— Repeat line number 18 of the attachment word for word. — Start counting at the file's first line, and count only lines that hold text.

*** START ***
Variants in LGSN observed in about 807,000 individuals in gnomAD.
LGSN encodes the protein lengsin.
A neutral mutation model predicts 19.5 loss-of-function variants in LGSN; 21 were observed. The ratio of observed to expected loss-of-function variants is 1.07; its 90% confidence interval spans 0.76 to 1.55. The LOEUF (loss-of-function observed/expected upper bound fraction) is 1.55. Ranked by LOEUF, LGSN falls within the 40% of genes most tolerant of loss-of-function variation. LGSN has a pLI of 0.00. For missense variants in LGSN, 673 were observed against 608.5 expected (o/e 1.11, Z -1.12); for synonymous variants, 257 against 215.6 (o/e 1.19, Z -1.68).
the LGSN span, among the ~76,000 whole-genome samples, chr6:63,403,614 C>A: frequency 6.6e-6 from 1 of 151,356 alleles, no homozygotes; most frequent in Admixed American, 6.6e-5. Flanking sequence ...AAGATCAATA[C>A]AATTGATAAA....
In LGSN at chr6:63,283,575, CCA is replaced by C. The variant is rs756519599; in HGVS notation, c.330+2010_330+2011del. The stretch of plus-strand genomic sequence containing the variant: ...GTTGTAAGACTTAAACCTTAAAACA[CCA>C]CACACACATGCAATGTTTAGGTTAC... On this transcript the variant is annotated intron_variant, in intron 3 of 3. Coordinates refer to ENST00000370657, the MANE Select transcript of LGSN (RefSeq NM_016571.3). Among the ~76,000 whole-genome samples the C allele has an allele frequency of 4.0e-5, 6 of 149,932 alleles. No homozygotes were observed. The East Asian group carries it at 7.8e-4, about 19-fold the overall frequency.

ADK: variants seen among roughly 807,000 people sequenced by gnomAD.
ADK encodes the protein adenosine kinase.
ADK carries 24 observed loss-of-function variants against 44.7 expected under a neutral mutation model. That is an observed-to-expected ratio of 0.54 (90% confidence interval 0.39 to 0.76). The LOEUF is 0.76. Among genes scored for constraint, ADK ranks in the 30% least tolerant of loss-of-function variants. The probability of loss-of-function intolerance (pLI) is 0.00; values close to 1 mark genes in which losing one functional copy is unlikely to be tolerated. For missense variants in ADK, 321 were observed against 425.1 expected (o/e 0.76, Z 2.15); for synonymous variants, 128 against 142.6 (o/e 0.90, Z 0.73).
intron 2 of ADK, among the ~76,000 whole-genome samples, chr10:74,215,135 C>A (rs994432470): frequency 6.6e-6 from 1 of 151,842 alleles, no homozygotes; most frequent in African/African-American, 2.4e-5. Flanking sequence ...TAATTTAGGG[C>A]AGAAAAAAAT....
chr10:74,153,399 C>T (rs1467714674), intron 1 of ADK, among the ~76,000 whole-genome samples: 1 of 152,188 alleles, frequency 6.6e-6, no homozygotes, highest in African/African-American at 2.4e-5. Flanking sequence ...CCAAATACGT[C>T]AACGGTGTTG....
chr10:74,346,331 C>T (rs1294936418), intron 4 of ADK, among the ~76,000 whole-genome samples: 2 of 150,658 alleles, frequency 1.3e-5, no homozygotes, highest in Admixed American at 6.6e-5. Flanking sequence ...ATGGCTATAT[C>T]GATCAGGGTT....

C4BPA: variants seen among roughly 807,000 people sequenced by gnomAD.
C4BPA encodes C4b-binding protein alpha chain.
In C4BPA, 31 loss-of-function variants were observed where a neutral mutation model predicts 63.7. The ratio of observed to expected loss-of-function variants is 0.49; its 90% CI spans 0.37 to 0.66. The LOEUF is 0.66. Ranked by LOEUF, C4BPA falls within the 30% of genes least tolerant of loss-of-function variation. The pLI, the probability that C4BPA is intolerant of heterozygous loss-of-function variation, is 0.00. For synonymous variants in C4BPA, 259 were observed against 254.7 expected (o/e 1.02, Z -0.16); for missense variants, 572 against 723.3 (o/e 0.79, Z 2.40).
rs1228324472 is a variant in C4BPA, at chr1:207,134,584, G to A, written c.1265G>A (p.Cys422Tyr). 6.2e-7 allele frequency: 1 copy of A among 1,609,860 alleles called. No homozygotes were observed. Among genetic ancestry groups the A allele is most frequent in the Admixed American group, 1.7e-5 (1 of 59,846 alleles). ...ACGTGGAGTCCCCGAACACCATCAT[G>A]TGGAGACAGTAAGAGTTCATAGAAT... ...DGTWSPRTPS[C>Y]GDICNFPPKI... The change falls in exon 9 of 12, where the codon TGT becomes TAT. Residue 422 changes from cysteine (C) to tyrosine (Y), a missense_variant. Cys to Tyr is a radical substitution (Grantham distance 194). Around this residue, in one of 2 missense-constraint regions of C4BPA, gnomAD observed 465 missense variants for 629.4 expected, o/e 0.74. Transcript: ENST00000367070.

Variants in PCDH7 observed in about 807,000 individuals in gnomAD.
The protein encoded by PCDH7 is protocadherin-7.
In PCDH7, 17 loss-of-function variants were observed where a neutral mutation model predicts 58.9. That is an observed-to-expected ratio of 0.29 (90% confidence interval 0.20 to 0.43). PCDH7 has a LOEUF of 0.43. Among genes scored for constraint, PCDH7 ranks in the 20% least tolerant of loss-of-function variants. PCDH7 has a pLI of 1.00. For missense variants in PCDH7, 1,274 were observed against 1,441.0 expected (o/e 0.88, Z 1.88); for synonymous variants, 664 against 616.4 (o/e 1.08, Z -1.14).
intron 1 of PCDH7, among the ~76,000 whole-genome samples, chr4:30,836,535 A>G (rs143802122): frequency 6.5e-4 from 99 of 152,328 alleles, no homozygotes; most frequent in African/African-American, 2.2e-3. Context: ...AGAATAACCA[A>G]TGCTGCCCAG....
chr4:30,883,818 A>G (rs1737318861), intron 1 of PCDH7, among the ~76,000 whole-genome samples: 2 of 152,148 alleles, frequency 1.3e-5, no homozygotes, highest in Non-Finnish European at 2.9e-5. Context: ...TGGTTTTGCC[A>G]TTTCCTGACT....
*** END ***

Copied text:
In PCDH7, 17 loss-of-function variants were observed where a neutral mutation model predicts 58.9. That is an observed-to-expected ratio of 0.29 (90% confidence interval 0.20 to 0.43). PCDH7 has a LOEUF of 0.43. Among genes scored for constraint, PCDH7 ranks in the 20% least tolerant of loss-of-function variants. PCDH7 has a pLI of 1.00. For missense variants in PCDH7, 1,274 were observed against 1,441.0 expected (o/e 0.88, Z 1.88); for synonymous variants, 664 against 616.4 (o/e 1.08, Z -1.14).